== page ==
As a first-time parent, navigating the different kinds of children’s books out there can be confusing. Is your child developmentally ready for a certain type of book? Should they have moved on from picture books by now? Here are some tips on how to choose developmentally appropriate books for your kids. Please note that the age ranges used are only indicative and that these stages are likely to overlap. You know your kid best, so do whatever works for them!
Birth to 3 years old: board books
Board books are small books whose cover and pages are made of thick cardboard. The pages are easy for little hands to turn, and when your baby starts to put objects in their mouth, they won’t be able to tear off and swallow bits of paper like they would with a ‘regular’ book, which makes them safer. Some board books come with exciting features such as flaps which can be lifted to show a picture underneath, but keep in mind that your child probably won’t develop the fine motor skills necessary for performing these actions until they are around two years old. Therefore, you might want to hold off on buying this kind of interactive board book until you’re fairly sure that your child won’t just rip the flaps off and put them in their mouth! If you want to buy some sustainably produced board books, this Earth Hero Coupon will come in handy.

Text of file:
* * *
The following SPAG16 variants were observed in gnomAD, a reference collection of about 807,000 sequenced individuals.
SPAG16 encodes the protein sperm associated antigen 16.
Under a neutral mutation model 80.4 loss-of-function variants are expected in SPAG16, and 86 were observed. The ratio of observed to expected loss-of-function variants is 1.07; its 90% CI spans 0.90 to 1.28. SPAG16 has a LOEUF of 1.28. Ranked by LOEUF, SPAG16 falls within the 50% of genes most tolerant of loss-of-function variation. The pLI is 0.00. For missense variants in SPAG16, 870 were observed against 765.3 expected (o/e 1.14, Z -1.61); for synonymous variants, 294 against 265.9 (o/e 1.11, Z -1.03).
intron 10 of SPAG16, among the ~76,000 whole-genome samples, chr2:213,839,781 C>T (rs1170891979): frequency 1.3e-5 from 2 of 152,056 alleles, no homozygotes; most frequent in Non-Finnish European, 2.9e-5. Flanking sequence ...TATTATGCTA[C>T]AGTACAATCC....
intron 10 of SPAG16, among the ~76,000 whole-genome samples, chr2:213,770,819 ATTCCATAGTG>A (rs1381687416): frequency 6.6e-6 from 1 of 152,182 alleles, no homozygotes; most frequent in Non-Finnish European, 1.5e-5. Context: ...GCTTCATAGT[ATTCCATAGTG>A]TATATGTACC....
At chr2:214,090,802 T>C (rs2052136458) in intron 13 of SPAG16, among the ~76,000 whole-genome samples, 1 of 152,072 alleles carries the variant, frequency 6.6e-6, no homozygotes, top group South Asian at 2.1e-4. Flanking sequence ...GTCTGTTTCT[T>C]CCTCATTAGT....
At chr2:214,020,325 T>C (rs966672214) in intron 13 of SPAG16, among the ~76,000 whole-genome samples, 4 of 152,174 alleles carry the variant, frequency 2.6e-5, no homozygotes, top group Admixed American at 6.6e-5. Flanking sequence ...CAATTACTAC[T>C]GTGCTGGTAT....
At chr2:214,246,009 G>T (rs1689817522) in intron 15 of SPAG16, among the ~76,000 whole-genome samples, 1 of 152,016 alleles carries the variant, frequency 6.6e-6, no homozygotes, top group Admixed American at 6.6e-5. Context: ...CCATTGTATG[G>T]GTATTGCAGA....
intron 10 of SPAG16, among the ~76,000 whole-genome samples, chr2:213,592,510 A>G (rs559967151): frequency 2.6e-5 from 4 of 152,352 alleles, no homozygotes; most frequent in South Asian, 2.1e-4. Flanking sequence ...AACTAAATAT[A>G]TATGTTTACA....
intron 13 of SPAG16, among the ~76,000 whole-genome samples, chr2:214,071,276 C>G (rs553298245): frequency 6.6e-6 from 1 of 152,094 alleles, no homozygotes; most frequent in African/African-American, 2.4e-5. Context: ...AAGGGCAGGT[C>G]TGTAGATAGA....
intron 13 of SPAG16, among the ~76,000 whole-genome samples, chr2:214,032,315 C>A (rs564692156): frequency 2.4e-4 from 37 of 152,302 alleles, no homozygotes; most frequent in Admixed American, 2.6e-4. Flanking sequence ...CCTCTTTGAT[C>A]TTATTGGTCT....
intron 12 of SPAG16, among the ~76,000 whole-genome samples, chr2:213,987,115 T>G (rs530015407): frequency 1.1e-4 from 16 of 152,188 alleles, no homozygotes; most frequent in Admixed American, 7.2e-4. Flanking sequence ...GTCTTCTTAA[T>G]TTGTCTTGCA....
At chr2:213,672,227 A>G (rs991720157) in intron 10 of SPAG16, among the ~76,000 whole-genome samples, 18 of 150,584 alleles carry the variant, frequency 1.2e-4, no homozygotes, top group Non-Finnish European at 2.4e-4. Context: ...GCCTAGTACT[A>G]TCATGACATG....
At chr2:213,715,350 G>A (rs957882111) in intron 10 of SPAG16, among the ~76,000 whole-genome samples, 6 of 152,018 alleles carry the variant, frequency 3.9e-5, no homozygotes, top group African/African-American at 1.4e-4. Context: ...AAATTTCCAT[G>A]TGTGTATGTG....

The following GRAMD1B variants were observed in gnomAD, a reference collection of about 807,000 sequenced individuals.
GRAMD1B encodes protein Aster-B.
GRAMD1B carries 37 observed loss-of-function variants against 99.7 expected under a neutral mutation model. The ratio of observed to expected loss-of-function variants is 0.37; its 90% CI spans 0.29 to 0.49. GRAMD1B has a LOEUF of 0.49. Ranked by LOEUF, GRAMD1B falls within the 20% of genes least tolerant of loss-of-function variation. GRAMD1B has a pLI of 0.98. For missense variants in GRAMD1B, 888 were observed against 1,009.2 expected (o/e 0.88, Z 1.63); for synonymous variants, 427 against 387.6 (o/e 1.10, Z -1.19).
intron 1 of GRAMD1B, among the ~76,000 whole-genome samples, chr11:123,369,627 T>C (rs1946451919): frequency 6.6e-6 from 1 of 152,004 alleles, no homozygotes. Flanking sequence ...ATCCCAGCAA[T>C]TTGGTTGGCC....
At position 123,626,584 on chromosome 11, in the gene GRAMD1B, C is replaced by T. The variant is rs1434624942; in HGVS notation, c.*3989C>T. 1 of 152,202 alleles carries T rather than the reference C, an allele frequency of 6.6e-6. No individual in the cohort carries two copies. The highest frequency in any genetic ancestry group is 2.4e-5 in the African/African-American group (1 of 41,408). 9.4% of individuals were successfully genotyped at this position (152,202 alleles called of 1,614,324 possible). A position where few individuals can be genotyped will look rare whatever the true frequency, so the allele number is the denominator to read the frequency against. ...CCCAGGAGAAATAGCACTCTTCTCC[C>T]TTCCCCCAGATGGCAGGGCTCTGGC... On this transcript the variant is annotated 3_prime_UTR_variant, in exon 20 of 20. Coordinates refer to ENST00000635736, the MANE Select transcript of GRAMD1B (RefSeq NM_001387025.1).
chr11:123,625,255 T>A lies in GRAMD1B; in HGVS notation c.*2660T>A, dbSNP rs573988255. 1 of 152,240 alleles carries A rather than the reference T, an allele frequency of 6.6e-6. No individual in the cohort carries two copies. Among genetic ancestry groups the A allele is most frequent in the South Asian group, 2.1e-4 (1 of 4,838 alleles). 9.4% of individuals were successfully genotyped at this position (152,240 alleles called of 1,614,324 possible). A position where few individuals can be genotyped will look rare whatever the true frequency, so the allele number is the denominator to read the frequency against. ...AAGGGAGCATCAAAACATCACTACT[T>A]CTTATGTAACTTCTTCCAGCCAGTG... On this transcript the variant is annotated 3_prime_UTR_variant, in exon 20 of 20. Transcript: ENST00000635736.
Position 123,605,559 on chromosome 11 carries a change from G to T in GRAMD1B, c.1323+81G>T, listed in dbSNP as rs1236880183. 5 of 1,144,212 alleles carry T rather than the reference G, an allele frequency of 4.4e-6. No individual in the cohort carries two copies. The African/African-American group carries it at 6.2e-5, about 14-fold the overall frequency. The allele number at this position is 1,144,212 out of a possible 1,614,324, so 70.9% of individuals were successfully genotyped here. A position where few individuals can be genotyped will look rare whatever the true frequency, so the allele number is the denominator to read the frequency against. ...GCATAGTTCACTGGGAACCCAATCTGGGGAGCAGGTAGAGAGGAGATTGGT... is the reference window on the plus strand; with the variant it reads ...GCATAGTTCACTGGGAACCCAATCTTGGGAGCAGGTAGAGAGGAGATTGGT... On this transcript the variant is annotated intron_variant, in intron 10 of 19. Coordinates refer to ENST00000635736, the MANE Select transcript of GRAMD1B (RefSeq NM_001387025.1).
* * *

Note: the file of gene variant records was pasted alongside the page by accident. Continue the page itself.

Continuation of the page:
3 to 7 years old: picture books books
Although almost all children’s books contain lots of pictures, ‘picture books’ is the name commonly given to heavily illustrated books that are longer than board books and whose pages are usually made of laminated paper rather than cardboard. Like with board books, picture books normally have large illustrations and only a few words per page, though they will be longer than board books. With younger children who can’t yet read, it’s a good idea for the parents or carers to read aloud to them and hold on to the child’s favorite picture books—which, more likely than not, you will be asked to read to them over and over again! As your kid starts to learn to read, being already familiar with the story—and remembering which part of the story is associated with which illustrations—will help them learn to identify simple words.
7 to 10 years old: chapter books
As children get older and become able to read on their own, they will transition to ‘chapter books’—a confusing name since most longer books are divided into chapters! Chapter books are longer than picture books, measuring around 10,000 words, and contain a lot more text, accompanied by black-and-white illustrations. Some chapter books, such as the popular humorous series “Captain Underpants”, use speech bubbles in the style of graphic novels.
10 to 13 years old: middle-grade books
Middle-grade books are novel-length but on the shorter side and aimed at kids who are becoming more independent. The last children’s book category after this is Young Adult (YA), after which you enter adult books territory. As a benchmark, the first three or so Harry Potter books are classified as Middle Grade, whereas the latter books are definitely YA.